(VANDERBERG AIR FORCE BASE, Calif.) -- NASA's launch of the multi-million dollar Glory mission was a washout Friday when the Taurus XL Rocket -- headed to space on a science mission -- failed to separate and the satellite didn't make orbit.
"We did not have a successful fairing separation from the Taurus," said NASA launch commentator George Diller. "There was insufficient velocity with the fairing still on for the vehicle to be able to achieve orbit."
At a news conference at Vandenberg Air Force Base in California, NASA launch director Omar Baez said officials have tentatively located the rocket.
"All indications are, the satellite and rocket are in the southern Pacific Ocean somewhere," Baez said.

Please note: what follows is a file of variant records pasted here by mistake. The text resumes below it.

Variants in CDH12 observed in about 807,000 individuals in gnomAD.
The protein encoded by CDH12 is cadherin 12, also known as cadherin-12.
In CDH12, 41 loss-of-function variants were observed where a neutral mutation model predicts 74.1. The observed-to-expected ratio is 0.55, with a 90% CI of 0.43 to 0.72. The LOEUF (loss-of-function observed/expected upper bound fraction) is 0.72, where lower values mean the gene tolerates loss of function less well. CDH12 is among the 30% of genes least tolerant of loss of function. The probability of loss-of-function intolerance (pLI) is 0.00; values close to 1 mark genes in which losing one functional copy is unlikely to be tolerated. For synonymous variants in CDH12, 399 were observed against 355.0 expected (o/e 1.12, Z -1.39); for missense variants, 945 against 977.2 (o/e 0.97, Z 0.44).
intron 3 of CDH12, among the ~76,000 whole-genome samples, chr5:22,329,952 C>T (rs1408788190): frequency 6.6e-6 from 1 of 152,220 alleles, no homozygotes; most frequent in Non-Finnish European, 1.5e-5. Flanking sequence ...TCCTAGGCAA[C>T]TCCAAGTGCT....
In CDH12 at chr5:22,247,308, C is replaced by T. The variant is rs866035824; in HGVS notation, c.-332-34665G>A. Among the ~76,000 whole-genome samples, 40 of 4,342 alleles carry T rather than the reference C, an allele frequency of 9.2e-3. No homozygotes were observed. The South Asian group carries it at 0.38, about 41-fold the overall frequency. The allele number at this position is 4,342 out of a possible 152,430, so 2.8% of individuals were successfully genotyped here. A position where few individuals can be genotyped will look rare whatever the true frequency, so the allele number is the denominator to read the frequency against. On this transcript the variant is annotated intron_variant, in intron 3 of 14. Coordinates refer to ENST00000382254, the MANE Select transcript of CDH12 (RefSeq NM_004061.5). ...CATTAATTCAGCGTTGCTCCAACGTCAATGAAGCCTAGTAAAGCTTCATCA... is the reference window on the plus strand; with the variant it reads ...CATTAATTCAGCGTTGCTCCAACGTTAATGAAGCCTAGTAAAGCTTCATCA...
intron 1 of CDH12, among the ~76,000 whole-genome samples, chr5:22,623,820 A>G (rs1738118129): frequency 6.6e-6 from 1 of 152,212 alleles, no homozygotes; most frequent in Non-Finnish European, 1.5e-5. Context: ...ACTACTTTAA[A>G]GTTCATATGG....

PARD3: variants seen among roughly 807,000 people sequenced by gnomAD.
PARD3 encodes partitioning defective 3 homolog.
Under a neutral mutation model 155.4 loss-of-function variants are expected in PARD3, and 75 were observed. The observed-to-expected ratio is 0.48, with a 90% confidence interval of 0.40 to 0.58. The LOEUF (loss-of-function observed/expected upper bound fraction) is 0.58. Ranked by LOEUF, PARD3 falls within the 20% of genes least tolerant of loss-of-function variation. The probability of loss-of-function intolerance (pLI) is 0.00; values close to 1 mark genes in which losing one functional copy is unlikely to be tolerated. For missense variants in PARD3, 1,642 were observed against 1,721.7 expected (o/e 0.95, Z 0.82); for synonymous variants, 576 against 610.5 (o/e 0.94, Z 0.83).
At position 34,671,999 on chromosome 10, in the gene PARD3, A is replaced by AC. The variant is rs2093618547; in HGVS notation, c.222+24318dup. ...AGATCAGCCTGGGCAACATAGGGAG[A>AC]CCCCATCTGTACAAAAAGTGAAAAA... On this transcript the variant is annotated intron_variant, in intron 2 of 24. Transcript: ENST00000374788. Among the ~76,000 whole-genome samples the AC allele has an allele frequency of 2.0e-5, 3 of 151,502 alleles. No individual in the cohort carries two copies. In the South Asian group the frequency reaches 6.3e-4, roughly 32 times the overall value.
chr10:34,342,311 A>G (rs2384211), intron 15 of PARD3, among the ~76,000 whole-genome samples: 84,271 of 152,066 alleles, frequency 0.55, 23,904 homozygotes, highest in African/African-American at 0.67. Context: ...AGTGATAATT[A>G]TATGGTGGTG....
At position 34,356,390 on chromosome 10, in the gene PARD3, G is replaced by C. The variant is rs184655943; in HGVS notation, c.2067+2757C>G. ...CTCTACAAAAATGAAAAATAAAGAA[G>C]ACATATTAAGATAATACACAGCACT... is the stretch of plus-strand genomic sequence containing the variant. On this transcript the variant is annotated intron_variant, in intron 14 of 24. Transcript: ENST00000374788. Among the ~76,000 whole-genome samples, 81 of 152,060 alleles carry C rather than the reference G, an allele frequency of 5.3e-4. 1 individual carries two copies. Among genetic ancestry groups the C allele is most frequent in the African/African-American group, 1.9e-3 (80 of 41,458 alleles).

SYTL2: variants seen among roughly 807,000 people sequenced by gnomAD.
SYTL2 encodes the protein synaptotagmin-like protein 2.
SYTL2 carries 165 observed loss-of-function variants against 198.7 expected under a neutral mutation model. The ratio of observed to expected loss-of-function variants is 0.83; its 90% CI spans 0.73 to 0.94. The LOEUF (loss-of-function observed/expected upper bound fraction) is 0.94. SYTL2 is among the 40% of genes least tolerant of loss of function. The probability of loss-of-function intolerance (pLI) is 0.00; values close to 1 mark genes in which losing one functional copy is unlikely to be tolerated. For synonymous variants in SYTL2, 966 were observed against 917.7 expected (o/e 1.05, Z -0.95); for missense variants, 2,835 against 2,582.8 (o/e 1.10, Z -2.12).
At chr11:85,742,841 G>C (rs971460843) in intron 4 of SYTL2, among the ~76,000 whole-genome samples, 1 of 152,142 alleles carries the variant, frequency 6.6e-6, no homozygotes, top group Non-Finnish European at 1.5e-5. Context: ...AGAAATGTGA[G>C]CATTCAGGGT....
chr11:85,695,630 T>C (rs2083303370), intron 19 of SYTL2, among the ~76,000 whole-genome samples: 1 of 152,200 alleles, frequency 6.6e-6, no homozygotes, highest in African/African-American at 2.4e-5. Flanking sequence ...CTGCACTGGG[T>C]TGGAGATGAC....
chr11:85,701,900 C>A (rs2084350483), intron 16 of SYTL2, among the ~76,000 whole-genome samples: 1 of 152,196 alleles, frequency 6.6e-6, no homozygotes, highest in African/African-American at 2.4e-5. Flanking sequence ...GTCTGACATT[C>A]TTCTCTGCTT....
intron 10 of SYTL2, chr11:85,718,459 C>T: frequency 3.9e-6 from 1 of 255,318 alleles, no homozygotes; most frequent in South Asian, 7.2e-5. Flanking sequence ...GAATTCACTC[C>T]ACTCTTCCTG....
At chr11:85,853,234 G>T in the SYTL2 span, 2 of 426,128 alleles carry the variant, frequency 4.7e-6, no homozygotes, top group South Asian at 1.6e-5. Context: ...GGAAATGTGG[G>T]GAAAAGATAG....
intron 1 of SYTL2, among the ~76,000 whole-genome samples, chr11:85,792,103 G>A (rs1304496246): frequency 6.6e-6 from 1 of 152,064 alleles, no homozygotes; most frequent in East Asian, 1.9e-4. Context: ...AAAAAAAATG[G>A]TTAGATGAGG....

NASA says it is "devastated" by the launch failure.
"We will recover and the team will bounce back because we're all professionals," said Ron Grabe, general manager of Orbital's Launch Systems Group. "Orbital will bounce back with the Taurus vehicle."
The mission was intended to improve understanding of how the sun and some atmospheric particles affect Earth's climate.
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